It is facile and essentially self serving to single out such outstanding heretics as Galileo and Bruno as implied evidence that today’s climate sceptics are also likely to be proven right. Both sides of any argument can play that game. That is not my intent. My intent is to assert that it is vastly premature to suggest that, in an issue as complex as climate, the science is anywhere near “settled” and that if sceptics are to be labelled as “deniers” it is incumbent upon those who would so label them to specify exactly what the sceptics are denying in the so called “settled science”.

In fact, there has been much less “science” applied to the issue of climate change by the International Panel on Climate Change (IPCC) than is widely assumed.

The foundation upon which much of the IPCC conclusions are based is not science as such, but an imperfect tool of science called “climate modelling” whereby various variables that are believed to influence climate, such as the concentration of greenhouse gases in the atmosphere, are fed into massive computers and analysed. But anyone familiar with computer modelling knows that one cannot feed raw data into a computer and push the “analyse” button. One must feed in as well the probable or preconceived effects of an increase in CO2 for example, or the effects of water vapour in the atmosphere or myriad other effects. These are the algorithms upon which the model generates its output. Much like a camera the computer gives back the picture it was pointed at. So, in a very real sense the results of the model are preordained by the assumptions fed into the computer. Furthermore, if the effects of a potentially huge influence, like cloud cover or the massive ocean currents are left out of the models, (or if the algorithms relating to such influences are not quite right) the model output is doomed to be wrong because in that case a vacuum is created and the effects of the inputted variables are thereby magnified.

The graph below shows the tangled and erroneous predictions of 90 climate models as compared to actual temperature changes at the surface and in the lower troposphere. One glance at this graph reveals two facts that should destroy the assertion that the science is, or ever will be, “settled”. First is the wide and widening divergence of the many models’ predictions and the second is the fact that virtually all of them overstate actual measurements. These facts clearly illustrate that none of them have yet been anywhere near right and that the cause and effect assumptions fed into big computers could not have been right. I cannot escape the quip that leapt to mind when first I viewed this graph. “O what a tangled web we weave, when first we practice to deceive”.

The biggest variable entered into these models is the increasing level of CO2 concentrations in the atmosphere and their projected impact on warming. CO2 levels have indeed increased rather steadily from about 313 p.p.m. in 1960 to a present level of 400p.p.m. That’s not an insignificant increase but, even if the small rise in temperature can be charged to that increase it has been far less than most of the models projected. In 1960 CO2 constituted 0.0315% of the atmosphere and now represents 0.04% of the atmosphere. Can it be imagined that this increase is the principal driver behind the slight warming that has occurred? Are nature’s systems so fragile that an increase in the concentration of a gas that now makes up only about 400 p.p.m. of the atmosphere could wreak such havoc as has been confidently predicted, but not yet witnessed?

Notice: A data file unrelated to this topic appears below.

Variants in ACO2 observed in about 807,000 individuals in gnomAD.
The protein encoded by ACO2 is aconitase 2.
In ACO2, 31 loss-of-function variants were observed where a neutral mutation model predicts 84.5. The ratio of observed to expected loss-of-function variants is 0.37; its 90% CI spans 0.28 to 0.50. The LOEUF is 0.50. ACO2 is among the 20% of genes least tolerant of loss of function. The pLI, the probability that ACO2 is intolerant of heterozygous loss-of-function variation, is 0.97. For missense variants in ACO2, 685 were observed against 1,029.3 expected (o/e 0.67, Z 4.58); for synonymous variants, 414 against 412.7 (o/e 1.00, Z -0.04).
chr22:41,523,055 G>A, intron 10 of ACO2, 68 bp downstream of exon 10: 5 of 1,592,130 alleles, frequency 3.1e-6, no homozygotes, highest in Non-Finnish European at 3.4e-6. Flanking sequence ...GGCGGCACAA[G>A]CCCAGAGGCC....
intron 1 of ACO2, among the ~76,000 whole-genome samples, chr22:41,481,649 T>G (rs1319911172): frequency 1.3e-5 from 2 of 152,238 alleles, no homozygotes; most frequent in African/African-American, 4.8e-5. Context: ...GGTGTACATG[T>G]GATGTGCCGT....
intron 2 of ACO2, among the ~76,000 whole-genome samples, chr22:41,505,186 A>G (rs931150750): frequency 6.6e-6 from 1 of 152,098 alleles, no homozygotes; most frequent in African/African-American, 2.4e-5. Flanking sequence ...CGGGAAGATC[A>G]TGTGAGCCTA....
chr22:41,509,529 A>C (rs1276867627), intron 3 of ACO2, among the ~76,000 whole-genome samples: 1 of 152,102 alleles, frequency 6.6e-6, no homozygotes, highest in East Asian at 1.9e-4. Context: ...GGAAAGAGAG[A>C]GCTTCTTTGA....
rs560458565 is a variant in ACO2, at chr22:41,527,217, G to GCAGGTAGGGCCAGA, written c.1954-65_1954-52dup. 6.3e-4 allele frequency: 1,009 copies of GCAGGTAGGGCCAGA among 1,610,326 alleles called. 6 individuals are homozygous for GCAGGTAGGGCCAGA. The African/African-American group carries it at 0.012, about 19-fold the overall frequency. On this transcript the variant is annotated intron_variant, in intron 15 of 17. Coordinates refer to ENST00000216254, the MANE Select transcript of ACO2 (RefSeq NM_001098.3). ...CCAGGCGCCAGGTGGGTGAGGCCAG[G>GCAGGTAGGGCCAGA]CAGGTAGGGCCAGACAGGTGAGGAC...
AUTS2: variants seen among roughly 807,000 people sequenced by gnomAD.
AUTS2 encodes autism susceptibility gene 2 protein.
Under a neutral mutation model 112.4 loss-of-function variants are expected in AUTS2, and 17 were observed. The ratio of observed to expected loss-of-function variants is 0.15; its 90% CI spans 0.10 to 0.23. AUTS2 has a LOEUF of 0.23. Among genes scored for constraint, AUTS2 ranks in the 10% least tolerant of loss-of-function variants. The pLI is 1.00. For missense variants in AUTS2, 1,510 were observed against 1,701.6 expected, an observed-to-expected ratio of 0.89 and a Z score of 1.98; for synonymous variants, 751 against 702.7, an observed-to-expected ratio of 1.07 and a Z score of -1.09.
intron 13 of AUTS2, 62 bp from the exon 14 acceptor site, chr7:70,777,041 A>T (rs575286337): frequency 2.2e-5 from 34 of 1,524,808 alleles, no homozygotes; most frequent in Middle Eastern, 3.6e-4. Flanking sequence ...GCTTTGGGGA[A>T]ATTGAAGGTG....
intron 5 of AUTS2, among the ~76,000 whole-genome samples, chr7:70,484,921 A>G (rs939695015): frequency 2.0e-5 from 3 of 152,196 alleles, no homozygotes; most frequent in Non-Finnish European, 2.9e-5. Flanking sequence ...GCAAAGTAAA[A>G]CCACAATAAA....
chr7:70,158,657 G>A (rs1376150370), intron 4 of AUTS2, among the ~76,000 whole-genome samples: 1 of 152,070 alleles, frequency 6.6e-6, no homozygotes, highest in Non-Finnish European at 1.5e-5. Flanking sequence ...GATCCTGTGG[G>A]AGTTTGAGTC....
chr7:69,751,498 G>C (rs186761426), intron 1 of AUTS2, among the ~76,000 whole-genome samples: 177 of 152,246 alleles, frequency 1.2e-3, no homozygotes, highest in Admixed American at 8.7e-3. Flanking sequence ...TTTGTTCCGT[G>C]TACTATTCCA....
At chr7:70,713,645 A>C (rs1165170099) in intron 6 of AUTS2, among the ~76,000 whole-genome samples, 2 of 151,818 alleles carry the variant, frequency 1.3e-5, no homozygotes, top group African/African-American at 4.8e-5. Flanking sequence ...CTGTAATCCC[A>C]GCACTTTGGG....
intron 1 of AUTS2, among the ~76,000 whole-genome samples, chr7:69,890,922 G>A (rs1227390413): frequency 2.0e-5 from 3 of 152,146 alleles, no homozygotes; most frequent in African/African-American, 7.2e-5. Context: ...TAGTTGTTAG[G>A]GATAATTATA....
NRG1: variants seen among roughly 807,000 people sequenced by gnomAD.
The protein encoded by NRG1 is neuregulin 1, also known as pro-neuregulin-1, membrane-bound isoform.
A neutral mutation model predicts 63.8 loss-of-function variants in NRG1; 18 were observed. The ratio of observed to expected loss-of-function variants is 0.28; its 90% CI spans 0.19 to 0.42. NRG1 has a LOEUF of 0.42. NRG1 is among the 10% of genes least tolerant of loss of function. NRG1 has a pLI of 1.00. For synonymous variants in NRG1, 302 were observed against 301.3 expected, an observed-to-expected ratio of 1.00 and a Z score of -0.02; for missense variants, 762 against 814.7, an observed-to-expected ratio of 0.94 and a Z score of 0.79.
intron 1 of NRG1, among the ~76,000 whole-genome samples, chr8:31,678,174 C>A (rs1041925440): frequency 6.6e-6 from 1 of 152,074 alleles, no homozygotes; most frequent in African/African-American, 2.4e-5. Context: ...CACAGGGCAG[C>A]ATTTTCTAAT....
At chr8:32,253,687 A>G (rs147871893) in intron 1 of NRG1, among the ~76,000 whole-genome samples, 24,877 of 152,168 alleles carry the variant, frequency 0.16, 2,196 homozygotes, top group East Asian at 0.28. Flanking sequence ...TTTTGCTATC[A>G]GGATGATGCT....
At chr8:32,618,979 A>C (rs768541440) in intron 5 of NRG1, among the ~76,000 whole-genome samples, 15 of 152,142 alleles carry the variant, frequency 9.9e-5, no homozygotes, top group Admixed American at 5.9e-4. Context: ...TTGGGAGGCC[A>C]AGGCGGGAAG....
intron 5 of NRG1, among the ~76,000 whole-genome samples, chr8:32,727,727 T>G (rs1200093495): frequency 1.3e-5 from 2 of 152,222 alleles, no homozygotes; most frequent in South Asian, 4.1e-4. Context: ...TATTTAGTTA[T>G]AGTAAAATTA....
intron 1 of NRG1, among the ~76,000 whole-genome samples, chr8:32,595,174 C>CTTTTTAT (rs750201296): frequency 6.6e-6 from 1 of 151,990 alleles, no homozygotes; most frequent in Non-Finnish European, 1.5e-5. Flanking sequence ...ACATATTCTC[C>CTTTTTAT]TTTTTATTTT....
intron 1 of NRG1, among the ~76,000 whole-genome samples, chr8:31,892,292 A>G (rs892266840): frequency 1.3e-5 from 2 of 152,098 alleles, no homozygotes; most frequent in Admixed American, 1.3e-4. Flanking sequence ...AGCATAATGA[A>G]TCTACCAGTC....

Another perception that occurs naturally to one with an agricultural background is that CO2 is a natural and crucial plant food, as necessary to plants as oxygen is to animals. As should be known to everyone with the slightest knowledge of science, photosynthesis stands at the very crux of life, marshalling the inputs of sunlight and CO2 to stimulate plant growth while releasing oxygen to support animal life. To call a life supporting gas such as CO2 a pollutant at levels necessary to sustain plant growth is alarmingly ignorant. In fact, the science tells us that CO2 concentration in the atmosphere is in the low range necessary to support vigorous plant growth. Agricultural scientists confirm that a sizable proportion of increasing crop yields in recent decades can be attributed to the increased concentration of CO2 in the atmosphere.

Something else that is rarely emphasized during all the clamour about global warming is the degree to which warming has occurred, and is projected to occur in the future. The degree of warming that appears to have occurred by 2014, at the surface and in the troposphere, is slightly less than 0.4 degrees Celsius. Of the 88 models illustrated above only 1 model predicted a lower temperature advance than was actually experienced. Even the erroneous projections are hardly frightening. Suppose that, instead of the alarms that have been raised, a more balanced comment had been made that, “since the beginning of the last century mean annual temperatures at the surface and in the troposphere have varied by no more than 1.4 degrees Celsius. Though completely true, such a statement would hardly be the stuff of galvanizing headlines.